In something of a surprise move, the Washington Nationals have called up 20-year-old center fielder Victor Robles from Double-A. Robles spent most of the season at the High-A level, having only played at Double-A since late July. Robles lacks experience against big-league-caliber pitching, but met basically every challenge at the lower levels this year, hitting an outstanding .300/.382/.493 with 27 steals. You’d be hard-pressed to find many batting lines better and more well rounded than Robles’. He hits for average, hits for power, and is a weapon on the bases. Oh, and he’s also an elite center fielder who was worth 15 runs above average this year according to Clay Davenport’s numbers.
If you’re looking for any signs of weakness with Robles, his plate discipline is a candidate. He struck out in 17% of his plate appearances in the minors and walked in 7%, which are both league-average-ish marks. Granted, there’s nothing wrong with average strikeout and walk numbers, particularly when everything else is off the charts. But keep in mind that those figures were recorded mostly against A-ball pitching and are likely to worsen against big leaguers.
My KATOH system pegs Robles for 8.7 WAR over his first six seasons by the stats-only method and 12.5 WAR by KATOH+, which incorporates his No. 8 midseason ranking from Baseball America. (Eric Longenhagen also ranked him No. 8 over the summer.) Robles’ KATOH projections place him 26th and 13th among prospects.
To put some faces to Robles’ statistical profile, I calculated a Mahalanobis distance between Robles’ 2017 performance and every High-A and Double-A season since 1991. In the table below, you’ll find the 10 most similar seasons, ranked from most to least similar. The WAR totals refer to each player’s first six seasons in the major leagues. Please note that the Mahalanobis analysis is separate from KATOH. KATOH relies on macro-level trends, rather than comps. The fates of a few statistically similar players shouldn’t be used to draw sweeping conclusions about a prospect’s future. For this reason, I recommend using a player’s KATOH forecast to assess his future potential. The comps give us some interesting names that sometimes feel spot-on, but they’re mostly just there for fun.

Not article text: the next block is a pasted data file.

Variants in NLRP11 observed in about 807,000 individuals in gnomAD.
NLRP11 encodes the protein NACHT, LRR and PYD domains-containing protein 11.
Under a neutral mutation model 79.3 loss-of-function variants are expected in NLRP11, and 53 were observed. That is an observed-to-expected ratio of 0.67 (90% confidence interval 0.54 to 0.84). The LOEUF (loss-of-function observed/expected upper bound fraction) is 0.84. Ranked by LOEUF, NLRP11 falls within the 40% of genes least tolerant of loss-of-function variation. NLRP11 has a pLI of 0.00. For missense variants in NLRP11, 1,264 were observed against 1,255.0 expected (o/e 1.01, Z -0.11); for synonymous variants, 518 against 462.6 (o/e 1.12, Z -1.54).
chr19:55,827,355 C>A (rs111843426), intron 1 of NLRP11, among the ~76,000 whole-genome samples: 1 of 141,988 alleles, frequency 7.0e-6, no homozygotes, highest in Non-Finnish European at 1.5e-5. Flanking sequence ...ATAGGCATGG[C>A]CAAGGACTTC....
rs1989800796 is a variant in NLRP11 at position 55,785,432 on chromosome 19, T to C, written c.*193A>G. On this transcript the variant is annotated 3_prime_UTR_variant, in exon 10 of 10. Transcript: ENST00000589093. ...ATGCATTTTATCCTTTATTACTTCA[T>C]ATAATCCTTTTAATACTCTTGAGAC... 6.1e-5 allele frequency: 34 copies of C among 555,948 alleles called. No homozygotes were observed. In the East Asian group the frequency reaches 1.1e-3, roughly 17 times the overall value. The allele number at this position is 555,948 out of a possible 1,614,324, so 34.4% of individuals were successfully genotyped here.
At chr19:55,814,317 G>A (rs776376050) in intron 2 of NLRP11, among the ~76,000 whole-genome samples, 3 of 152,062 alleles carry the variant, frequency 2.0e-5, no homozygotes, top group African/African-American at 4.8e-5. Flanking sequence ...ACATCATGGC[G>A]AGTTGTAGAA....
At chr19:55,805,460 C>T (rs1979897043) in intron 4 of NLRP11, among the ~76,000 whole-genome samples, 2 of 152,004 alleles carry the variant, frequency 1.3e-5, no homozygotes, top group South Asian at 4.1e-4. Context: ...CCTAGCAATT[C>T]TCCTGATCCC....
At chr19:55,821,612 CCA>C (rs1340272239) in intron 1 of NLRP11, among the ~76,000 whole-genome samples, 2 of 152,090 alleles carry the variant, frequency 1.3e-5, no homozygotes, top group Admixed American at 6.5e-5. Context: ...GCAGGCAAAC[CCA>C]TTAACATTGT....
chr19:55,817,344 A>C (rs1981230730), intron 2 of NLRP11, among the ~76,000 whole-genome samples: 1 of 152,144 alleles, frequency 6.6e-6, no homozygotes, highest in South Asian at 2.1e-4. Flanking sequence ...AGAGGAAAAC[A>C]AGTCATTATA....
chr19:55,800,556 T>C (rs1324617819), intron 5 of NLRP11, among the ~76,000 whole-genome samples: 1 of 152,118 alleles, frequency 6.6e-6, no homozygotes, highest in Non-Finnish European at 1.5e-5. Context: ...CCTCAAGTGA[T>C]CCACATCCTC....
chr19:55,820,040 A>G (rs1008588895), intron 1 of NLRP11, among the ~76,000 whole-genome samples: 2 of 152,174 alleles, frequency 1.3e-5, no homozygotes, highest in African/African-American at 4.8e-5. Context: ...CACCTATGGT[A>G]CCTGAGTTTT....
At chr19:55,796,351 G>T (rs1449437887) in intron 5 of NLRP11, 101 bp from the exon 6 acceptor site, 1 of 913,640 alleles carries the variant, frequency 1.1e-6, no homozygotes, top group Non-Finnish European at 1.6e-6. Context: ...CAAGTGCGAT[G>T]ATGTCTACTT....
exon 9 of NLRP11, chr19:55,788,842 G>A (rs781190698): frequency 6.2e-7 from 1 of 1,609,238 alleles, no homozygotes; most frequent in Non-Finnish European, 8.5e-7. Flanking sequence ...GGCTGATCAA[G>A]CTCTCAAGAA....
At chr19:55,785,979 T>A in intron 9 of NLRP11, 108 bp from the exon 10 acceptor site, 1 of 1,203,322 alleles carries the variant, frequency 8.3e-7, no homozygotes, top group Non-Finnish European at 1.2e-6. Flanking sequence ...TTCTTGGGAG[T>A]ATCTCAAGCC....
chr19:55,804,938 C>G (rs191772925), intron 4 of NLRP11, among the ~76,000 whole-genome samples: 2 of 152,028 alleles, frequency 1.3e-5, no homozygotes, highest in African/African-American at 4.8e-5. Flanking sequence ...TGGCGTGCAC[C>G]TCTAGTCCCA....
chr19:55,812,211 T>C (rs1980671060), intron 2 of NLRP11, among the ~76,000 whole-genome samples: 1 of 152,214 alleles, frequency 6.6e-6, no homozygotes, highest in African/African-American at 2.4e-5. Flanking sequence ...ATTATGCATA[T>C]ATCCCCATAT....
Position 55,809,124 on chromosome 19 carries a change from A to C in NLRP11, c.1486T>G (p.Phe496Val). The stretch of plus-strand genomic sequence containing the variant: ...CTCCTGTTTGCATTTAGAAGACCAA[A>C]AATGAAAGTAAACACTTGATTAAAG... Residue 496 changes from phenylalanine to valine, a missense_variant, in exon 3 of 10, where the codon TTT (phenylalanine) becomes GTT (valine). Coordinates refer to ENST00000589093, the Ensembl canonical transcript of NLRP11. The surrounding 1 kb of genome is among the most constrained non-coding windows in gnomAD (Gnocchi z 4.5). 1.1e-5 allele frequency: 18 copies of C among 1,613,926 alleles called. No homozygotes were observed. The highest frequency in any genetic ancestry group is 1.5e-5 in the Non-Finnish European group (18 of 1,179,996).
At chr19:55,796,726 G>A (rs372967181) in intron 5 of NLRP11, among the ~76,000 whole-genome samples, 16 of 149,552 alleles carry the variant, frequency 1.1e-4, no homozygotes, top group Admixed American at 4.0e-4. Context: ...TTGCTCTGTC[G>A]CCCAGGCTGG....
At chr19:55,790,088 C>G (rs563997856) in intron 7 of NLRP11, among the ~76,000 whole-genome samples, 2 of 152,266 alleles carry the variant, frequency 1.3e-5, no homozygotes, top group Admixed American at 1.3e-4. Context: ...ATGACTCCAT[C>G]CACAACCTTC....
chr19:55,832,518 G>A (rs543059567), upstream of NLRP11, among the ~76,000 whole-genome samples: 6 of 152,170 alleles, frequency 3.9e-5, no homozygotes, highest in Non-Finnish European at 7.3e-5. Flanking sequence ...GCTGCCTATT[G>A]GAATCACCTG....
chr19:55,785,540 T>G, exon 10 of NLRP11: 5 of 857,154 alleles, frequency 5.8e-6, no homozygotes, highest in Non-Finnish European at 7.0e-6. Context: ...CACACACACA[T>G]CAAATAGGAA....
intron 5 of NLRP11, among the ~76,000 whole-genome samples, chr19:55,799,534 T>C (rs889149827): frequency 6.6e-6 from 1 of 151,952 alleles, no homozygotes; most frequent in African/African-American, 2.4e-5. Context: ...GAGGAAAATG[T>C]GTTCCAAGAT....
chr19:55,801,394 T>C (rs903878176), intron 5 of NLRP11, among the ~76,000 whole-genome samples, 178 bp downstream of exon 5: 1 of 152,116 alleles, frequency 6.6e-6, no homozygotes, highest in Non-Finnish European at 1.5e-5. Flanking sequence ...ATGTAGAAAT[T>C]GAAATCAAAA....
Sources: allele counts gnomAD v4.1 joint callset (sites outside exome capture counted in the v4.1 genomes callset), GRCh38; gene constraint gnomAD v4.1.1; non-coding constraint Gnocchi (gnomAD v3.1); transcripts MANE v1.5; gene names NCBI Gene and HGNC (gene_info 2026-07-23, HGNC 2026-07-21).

Robles’ comps are chock-full of toolsy center-field prospects. Some of them (McCutchen, Gomez, and Crawford) hit big, while others (Ruben Mateo and Alex Escobar) didn’t.
Robles’ talent is obvious. He’s a very good hitter with great speed and is already an elite defensive center fielder, which makes him one of the best prospects in baseball. Whether he’s ready for the show right now is less clear: Steamer sees him as an 89 wRC+ hitter today, partly due to his aforementioned non-elite plate discipline. But it will be exciting to what see a player with his talent can do against big-league pitching.
Chris works in economic development by day, but spends most of his nights thinking about baseball. He writes for Pinstripe Pundits, FanGraphs and The Hardball Times. He's also on the twitter machine: @_chris_mitchell None of the views expressed in his articles reflect those of his daytime employer.
As a Nats fan, the inclusion of Elijah Dukes on this list is insulting. Robles has yet to exhibit the “idiot” gene which Duckes made famous
I always loved Dukes. So much fucking potential, would have been fun to watch too
Milton Bradley is probably the worst person in baseball during my time as a fan, but Dukes definitely stands out. Impregnating a 17-year old foster kid living with your grandmother definitely wins creativity points.
I’m pretty sure Milton Bradley is, legitimately, mentally ill.
Elijah Dukes is just a jackass.